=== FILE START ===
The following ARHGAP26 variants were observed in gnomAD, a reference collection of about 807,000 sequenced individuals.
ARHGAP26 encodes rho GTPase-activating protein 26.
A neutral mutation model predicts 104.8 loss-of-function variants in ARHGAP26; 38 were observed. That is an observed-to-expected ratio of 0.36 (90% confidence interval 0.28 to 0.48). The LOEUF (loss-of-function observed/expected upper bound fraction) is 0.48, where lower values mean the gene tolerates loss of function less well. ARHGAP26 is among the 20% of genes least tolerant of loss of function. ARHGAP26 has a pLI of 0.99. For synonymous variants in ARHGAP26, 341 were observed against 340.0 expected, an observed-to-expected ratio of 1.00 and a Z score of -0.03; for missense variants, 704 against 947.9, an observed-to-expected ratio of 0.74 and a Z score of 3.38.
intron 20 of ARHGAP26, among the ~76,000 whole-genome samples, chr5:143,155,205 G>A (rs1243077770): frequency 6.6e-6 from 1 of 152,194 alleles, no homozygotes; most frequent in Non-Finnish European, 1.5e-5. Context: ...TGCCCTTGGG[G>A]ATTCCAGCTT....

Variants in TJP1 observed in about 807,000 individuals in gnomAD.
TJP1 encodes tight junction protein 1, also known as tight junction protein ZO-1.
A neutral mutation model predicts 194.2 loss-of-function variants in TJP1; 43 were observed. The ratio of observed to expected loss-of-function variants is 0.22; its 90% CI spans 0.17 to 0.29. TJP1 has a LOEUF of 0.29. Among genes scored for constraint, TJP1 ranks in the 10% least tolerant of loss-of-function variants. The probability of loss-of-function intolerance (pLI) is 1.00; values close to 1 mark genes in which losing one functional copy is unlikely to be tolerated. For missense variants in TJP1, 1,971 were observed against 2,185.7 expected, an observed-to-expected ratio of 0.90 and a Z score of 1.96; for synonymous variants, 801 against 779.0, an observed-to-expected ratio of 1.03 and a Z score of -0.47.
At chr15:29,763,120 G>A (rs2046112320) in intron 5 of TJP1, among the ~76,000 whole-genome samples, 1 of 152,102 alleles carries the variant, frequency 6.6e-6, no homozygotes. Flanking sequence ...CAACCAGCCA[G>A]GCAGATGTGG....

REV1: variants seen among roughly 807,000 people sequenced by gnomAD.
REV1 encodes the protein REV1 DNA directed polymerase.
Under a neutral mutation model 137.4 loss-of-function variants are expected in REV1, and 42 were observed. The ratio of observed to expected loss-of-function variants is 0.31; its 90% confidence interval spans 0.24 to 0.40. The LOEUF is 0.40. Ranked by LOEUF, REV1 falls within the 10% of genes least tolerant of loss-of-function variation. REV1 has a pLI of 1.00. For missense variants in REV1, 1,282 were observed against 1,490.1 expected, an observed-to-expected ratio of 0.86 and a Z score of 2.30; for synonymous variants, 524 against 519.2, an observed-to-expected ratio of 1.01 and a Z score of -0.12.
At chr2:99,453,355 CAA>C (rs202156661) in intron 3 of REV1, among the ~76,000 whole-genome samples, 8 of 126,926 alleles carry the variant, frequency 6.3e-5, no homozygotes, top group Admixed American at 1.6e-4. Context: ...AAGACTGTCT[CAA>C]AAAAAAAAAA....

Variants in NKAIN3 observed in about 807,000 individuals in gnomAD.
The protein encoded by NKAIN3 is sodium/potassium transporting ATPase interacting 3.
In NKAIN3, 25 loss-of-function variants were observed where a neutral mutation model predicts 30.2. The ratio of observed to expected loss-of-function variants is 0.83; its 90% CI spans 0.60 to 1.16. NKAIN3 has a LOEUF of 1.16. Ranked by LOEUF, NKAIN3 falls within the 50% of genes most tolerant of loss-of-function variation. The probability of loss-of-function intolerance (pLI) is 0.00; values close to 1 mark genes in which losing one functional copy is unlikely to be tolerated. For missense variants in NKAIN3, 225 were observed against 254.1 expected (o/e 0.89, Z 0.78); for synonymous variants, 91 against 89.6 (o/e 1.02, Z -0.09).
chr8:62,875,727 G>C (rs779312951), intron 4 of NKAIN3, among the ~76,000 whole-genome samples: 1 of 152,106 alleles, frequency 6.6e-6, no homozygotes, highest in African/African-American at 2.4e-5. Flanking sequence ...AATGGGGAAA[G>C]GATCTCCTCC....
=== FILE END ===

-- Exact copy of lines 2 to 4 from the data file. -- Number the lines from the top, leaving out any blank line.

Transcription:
ARHGAP26 encodes rho GTPase-activating protein 26.
A neutral mutation model predicts 104.8 loss-of-function variants in ARHGAP26; 38 were observed. That is an observed-to-expected ratio of 0.36 (90% confidence interval 0.28 to 0.48). The LOEUF (loss-of-function observed/expected upper bound fraction) is 0.48, where lower values mean the gene tolerates loss of function less well. ARHGAP26 is among the 20% of genes least tolerant of loss of function. ARHGAP26 has a pLI of 0.99. For synonymous variants in ARHGAP26, 341 were observed against 340.0 expected, an observed-to-expected ratio of 1.00 and a Z score of -0.03; for missense variants, 704 against 947.9, an observed-to-expected ratio of 0.74 and a Z score of 3.38.
intron 20 of ARHGAP26, among the ~76,000 whole-genome samples, chr5:143,155,205 G>A (rs1243077770): frequency 6.6e-6 from 1 of 152,194 alleles, no homozygotes; most frequent in Non-Finnish European, 1.5e-5. Context: ...TGCCCTTGGG[G>A]ATTCCAGCTT....